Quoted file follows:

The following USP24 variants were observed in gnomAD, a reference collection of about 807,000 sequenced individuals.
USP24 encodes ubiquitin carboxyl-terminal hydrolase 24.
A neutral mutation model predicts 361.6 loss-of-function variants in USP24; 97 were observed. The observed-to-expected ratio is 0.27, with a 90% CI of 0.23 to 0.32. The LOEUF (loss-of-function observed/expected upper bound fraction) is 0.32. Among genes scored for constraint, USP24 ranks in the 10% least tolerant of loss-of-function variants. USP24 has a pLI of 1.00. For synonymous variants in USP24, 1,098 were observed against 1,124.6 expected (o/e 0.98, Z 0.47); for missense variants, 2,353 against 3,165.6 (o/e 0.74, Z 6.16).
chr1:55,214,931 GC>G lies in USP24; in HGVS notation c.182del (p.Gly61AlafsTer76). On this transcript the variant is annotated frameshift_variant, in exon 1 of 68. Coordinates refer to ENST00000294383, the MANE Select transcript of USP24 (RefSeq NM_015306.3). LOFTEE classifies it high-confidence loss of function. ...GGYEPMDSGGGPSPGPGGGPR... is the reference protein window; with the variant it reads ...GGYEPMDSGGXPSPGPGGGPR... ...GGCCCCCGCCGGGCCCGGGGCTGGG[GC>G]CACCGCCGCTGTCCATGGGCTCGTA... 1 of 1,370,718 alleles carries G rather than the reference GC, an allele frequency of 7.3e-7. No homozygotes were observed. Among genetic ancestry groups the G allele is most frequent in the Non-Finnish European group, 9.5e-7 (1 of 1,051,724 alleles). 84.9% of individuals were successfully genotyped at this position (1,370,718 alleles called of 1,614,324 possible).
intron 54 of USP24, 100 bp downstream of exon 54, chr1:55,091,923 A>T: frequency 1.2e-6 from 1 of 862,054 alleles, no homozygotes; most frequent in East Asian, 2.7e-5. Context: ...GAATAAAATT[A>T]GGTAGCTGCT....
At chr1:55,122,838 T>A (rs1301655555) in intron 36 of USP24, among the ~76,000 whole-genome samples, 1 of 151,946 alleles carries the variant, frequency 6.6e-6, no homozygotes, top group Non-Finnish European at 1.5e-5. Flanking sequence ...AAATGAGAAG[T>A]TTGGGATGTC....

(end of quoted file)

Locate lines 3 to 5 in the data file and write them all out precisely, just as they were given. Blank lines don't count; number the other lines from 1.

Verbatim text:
A neutral mutation model predicts 361.6 loss-of-function variants in USP24; 97 were observed. The observed-to-expected ratio is 0.27, with a 90% CI of 0.23 to 0.32. The LOEUF (loss-of-function observed/expected upper bound fraction) is 0.32. Among genes scored for constraint, USP24 ranks in the 10% least tolerant of loss-of-function variants. USP24 has a pLI of 1.00. For synonymous variants in USP24, 1,098 were observed against 1,124.6 expected (o/e 0.98, Z 0.47); for missense variants, 2,353 against 3,165.6 (o/e 0.74, Z 6.16).
chr1:55,214,931 GC>G lies in USP24; in HGVS notation c.182del (p.Gly61AlafsTer76). On this transcript the variant is annotated frameshift_variant, in exon 1 of 68. Coordinates refer to ENST00000294383, the MANE Select transcript of USP24 (RefSeq NM_015306.3). LOFTEE classifies it high-confidence loss of function. ...GGYEPMDSGGGPSPGPGGGPR... is the reference protein window; with the variant it reads ...GGYEPMDSGGXPSPGPGGGPR... ...GGCCCCCGCCGGGCCCGGGGCTGGG[GC>G]CACCGCCGCTGTCCATGGGCTCGTA... 1 of 1,370,718 alleles carries G rather than the reference GC, an allele frequency of 7.3e-7. No homozygotes were observed. Among genetic ancestry groups the G allele is most frequent in the Non-Finnish European group, 9.5e-7 (1 of 1,051,724 alleles). 84.9% of individuals were successfully genotyped at this position (1,370,718 alleles called of 1,614,324 possible).
intron 54 of USP24, 100 bp downstream of exon 54, chr1:55,091,923 A>T: frequency 1.2e-6 from 1 of 862,054 alleles, no homozygotes; most frequent in East Asian, 2.7e-5. Context: ...GAATAAAATT[A>T]GGTAGCTGCT....